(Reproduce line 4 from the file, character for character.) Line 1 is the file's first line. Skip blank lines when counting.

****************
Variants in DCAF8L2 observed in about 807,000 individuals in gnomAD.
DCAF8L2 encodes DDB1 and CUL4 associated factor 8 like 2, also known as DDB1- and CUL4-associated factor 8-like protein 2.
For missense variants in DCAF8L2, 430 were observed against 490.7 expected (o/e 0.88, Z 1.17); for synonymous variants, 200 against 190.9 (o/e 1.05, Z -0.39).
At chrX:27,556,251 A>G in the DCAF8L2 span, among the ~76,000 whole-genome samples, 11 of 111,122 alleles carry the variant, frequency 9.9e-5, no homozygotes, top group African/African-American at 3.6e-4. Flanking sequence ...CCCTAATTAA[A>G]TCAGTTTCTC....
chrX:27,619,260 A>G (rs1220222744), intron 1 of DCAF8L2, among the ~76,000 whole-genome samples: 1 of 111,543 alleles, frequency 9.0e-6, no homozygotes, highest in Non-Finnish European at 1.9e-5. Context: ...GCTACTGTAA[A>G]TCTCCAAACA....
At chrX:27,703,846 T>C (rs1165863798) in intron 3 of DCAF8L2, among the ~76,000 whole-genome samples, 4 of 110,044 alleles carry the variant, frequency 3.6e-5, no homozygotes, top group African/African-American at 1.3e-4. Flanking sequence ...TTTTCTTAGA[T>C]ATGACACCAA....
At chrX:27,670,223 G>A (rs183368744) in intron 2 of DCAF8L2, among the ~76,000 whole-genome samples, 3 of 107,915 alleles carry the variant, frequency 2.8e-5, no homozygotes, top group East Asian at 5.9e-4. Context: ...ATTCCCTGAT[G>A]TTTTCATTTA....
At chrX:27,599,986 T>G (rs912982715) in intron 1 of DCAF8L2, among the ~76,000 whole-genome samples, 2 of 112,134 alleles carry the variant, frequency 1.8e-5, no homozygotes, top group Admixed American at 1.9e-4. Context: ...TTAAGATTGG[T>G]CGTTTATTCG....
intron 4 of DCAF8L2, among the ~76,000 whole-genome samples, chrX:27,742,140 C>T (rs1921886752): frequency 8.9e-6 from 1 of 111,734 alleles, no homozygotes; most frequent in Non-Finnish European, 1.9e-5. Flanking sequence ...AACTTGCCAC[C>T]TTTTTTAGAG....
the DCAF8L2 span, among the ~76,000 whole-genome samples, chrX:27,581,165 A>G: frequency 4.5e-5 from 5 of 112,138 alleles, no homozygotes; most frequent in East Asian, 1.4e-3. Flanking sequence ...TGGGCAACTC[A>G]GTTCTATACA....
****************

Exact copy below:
At chrX:27,556,251 A>G in the DCAF8L2 span, among the ~76,000 whole-genome samples, 11 of 111,122 alleles carry the variant, frequency 9.9e-5, no homozygotes, top group African/African-American at 3.6e-4. Flanking sequence ...CCCTAATTAA[A>G]TCAGTTTCTC....